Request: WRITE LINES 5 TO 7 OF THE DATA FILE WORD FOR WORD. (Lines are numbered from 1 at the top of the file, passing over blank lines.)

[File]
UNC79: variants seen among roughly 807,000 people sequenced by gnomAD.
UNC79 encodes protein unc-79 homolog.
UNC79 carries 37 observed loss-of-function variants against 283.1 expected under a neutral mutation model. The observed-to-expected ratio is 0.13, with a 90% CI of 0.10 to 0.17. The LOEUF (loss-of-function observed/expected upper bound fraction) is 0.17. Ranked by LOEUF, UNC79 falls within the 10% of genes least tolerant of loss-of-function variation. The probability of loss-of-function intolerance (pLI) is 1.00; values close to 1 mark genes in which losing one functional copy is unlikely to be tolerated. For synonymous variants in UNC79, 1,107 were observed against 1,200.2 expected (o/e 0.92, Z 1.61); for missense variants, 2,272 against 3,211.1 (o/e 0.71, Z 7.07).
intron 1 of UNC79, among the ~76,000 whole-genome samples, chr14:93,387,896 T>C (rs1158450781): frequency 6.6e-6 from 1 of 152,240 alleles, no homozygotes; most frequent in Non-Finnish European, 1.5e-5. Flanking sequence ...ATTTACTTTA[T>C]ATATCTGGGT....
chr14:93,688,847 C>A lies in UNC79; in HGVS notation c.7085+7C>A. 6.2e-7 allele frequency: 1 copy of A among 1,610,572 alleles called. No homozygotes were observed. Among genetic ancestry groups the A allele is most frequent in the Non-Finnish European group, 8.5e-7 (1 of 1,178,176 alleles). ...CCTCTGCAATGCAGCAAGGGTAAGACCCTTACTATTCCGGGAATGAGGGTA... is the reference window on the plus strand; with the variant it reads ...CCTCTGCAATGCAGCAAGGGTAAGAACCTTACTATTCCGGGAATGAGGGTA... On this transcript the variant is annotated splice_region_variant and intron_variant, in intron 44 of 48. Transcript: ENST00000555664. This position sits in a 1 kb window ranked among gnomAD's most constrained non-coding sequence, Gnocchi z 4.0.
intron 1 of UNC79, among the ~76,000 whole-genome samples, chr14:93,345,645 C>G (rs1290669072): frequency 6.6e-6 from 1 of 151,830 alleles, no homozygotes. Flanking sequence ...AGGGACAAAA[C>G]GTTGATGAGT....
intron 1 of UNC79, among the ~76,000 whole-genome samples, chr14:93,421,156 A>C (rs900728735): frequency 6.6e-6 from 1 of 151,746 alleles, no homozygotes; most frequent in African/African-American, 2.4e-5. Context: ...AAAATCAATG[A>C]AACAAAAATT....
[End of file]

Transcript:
chr14:93,688,847 C>A lies in UNC79; in HGVS notation c.7085+7C>A. 6.2e-7 allele frequency: 1 copy of A among 1,610,572 alleles called. No homozygotes were observed. Among genetic ancestry groups the A allele is most frequent in the Non-Finnish European group, 8.5e-7 (1 of 1,178,176 alleles). ...CCTCTGCAATGCAGCAAGGGTAAGACCCTTACTATTCCGGGAATGAGGGTA... is the reference window on the plus strand; with the variant it reads ...CCTCTGCAATGCAGCAAGGGTAAGAACCTTACTATTCCGGGAATGAGGGTA... On this transcript the variant is annotated splice_region_variant and intron_variant, in intron 44 of 48. Transcript: ENST00000555664. This position sits in a 1 kb window ranked among gnomAD's most constrained non-coding sequence, Gnocchi z 4.0.
intron 1 of UNC79, among the ~76,000 whole-genome samples, chr14:93,345,645 C>G (rs1290669072): frequency 6.6e-6 from 1 of 151,830 alleles, no homozygotes. Flanking sequence ...AGGGACAAAA[C>G]GTTGATGAGT....
intron 1 of UNC79, among the ~76,000 whole-genome samples, chr14:93,421,156 A>C (rs900728735): frequency 6.6e-6 from 1 of 151,746 alleles, no homozygotes; most frequent in African/African-American, 2.4e-5. Context: ...AAAATCAATG[A>C]AACAAAAATT....